The mobile market is flooded with leisure apps and apps that are useful in everyday life, and most of the mobile discussion centers around these markets (as we saw last week at WWDC). Of equal importance, however, is the burgeoning space of business related apps. For instance, workflow management programs are a niche, but growing, market, and they're making their way to mobile platforms. IFTTT (If This Then That) is a leader in this marketplace. Through this program users essentially build recipes, which are composed of triggers, ingredients and actions. Triggers are events- for instance a decision to change your profile picture on facebook- which automatically trigger some action- maybe a corresponding change on twitter. Indeed, the ability to link various types of services (Dropbox, Feedly, Google Calendar, Foursquare, etc), and set up complex series' of cause and effect, can be an enormous time-saved.
Microsoft's Flow service, which has recently debuted its iOS app, performs similar functions. While it connects fewer platforms than IFTTT, it excels at integrating various Microsoft products, particularly those within the Office 365 Suite. The cause and effect relationship in Flow is simply called a flow and it's created by a similar process. While you can't currently create flows on the iOS app, you can manage already created flows, including setting the app to notify you when something goes wrong with a flow, and then fix it in real-time.
PowerApps is one of the products that can be managed through Flow and it's an increasingly powerful business tool in its own right. It allows users to build basic business apps without doing coding. Apps can be created through basic templates and even from-scratch builds are doable for the uninitiated. Through PowerApps users use the Studio on their PC to build apps which can do things like track budgets. Then, after they're finished, it's easy to use the apps on phones and tablets, and share them with colleagues.
This functionality, while powerful, is hardly new. Not only does it cover some of the same territory as Microsoft Access, it's also in indirect competition with another Microsoft venture: SkyGiraffe. But while PowerApps is aimed, according to market watchers, at ordinary business people with basic familiarity with programs like Excel, SkyGiraffe targets CIOs and IT departments. It does this by permitting greater integration with mobile device management systems and allowing companies to store data on location, without using the cloud- a key feature for those concerned about security.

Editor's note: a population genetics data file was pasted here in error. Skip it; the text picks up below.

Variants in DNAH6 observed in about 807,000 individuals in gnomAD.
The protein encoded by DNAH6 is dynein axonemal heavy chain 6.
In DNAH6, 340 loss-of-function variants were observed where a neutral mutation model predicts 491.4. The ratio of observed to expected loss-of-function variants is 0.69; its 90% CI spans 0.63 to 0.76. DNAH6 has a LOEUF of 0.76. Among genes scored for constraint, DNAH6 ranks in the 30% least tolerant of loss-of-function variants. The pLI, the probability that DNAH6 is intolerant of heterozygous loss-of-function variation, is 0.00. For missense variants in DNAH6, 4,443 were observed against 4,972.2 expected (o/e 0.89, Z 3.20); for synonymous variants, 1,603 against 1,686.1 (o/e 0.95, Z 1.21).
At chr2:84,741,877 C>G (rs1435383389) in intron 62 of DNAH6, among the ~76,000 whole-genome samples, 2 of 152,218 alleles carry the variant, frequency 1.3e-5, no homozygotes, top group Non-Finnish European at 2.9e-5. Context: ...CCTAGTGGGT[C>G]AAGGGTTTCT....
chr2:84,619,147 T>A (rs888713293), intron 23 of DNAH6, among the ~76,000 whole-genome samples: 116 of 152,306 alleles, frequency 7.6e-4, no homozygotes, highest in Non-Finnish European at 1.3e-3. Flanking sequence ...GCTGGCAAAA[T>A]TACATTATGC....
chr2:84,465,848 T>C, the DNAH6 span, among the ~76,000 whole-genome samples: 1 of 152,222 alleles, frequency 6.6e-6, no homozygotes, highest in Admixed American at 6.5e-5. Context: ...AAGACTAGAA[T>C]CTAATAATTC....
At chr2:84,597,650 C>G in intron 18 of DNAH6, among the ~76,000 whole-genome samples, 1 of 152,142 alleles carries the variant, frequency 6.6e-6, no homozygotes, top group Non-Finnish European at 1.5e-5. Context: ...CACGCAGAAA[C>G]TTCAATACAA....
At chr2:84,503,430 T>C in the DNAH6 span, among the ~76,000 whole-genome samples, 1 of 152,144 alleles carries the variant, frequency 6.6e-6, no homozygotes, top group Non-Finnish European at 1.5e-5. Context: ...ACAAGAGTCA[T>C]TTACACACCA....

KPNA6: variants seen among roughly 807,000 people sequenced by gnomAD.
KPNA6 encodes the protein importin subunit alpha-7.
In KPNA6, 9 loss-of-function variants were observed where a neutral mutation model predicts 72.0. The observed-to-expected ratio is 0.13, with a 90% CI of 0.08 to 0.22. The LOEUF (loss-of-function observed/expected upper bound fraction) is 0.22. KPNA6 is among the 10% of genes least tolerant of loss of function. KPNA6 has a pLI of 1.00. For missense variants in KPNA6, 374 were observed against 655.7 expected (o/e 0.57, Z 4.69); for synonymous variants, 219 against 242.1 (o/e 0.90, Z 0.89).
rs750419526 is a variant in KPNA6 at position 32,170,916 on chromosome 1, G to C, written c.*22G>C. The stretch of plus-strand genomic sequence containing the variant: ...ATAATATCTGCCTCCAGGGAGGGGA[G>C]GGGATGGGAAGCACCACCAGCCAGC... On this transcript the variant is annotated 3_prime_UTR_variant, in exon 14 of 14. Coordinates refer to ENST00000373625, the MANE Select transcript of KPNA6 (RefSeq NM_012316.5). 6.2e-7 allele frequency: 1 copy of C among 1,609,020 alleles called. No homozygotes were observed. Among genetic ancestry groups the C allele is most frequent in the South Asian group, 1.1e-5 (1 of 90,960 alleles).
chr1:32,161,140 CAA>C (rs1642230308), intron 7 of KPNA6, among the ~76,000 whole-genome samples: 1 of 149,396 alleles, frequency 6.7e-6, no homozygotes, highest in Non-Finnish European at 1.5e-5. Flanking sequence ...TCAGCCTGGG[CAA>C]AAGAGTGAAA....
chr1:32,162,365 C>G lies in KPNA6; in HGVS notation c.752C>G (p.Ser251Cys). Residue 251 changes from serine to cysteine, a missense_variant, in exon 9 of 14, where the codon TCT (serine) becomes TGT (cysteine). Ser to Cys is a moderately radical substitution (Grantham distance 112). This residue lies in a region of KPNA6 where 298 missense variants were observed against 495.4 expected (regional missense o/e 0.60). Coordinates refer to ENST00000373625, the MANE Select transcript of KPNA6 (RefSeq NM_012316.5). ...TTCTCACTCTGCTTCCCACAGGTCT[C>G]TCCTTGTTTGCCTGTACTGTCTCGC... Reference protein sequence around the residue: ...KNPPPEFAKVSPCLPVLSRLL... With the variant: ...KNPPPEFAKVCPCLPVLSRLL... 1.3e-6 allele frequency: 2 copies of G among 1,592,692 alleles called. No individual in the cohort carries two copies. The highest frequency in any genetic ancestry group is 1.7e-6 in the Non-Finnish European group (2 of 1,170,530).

A final advance in business related apps is worth noting: Dropbox and its recent evolution. Dropbox has faced stiff competition from companies like Google which offer ever increasing free storage. This is despite the fact that Dropbox offers integration with many other programs/sites. So they're made a bid to add new featurea. For instance, they recently announced something called Optical Character Recognition. OCR should allow users to scan documents into Dropbox using their phone. This feature doesn't simply act as a camera- OCR will recognize the actual text of a document, making it searchable. Things as diverse as whiteboards will potentially be scannable as well, allowing those business users who still prefer a tactile experience to work in a manner they find comfortable without sacrificing the flexibility technology provides. Also being added to the list of features is the ability to convert Dropbox docs to Office docs and to view previews of previous versions of docs easily without having to revert to every previous copy.
While these programs haven't yet reached mass adoption, they do point the way forward and offer those business people willing to master a few simple steps a leg up on some of their competition.